Eligibility for NHS primary care
Of course, there is constant tension between on the one hand pressure to cut costs, and antagonism towards the idea that money contributed by UK citizens is being spent on "immigrants" and "health tourists" mean that cutting support for people who can be portrayed as not deserving it is very attractive to politicians; while on the other hand evidence as to why it might be a good thing to e.g. treat visitors with infectious diseases rather than allowing these diseases to spread to UK citizens. Entitlements are likely to be discussed, and may well change.
See Eligibility for NHS secondary care for information on eligibility for e.g. hospital treatment.
Since this document was first drafted the new GP contract has been introduced, the original key reference (HSC 1999/018) has gone "out of time", and the systems by which GPs are paid for providing "immediately necessary" and "emergency" treatment have been changed. Revised guidance has been published, and the basic facts about eligibility for NHS treatment have not changed (as the underlying legislation has not been amended). Links to current guidance are included below. Devolution is likely to have made some of the detail below inaccurate, as has the introduction of an health insurance component to some types of visas._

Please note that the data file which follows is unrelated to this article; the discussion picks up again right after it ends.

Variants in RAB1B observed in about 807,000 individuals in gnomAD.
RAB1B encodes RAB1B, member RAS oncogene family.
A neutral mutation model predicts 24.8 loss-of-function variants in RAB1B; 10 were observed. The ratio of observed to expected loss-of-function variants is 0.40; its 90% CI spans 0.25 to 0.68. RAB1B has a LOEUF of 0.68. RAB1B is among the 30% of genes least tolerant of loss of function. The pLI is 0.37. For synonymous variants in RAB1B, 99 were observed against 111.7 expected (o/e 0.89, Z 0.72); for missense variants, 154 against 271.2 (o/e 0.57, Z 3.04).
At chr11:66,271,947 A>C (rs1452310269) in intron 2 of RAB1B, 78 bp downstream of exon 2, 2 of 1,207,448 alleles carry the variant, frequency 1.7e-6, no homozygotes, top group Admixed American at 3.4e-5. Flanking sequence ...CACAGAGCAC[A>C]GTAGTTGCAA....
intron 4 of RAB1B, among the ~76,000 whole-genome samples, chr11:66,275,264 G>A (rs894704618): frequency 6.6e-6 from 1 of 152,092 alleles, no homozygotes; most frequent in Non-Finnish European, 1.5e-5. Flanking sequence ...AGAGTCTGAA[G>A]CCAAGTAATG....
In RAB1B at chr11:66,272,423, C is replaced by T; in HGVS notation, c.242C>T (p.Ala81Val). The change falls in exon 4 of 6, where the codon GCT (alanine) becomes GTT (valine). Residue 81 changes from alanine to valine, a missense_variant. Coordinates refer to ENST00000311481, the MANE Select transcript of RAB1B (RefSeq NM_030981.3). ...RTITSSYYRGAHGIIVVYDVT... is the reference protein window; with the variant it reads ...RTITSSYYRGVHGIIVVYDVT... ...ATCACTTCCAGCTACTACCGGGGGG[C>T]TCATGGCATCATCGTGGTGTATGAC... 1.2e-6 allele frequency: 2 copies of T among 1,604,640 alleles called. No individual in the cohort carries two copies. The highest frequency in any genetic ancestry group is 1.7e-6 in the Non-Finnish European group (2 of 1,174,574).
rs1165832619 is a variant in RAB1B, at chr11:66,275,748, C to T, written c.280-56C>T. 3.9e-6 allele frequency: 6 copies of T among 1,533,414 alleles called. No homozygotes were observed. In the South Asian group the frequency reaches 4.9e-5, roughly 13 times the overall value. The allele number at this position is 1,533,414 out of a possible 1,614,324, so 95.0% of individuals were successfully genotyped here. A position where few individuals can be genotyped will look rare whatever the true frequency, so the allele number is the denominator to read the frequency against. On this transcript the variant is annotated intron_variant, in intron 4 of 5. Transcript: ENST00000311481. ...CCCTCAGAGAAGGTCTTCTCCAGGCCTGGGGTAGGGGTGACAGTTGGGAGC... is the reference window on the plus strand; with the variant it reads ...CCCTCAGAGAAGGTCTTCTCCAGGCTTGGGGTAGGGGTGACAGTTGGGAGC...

How to decide if somebody is eligible for NHS treatmentPeople are eligible for NHS treatment, like any UK citizen, if they are "ordinarily resident" in the UK (see Residence in the UK below).
European economic area (EEA) nationals carrying Form E128 are also fully eligible for NHS treatment. (see Visitors from EEA members... below).
People who are visiting the UK, but who are not "ordinarily resident" in the UK are entitled to "immediately necessary treatment" from a GP.
Visitors to the UK may carry a Form E112, which entitles them to seek treatment for a specific condition – see DH guidance (in References and external links, below) for details.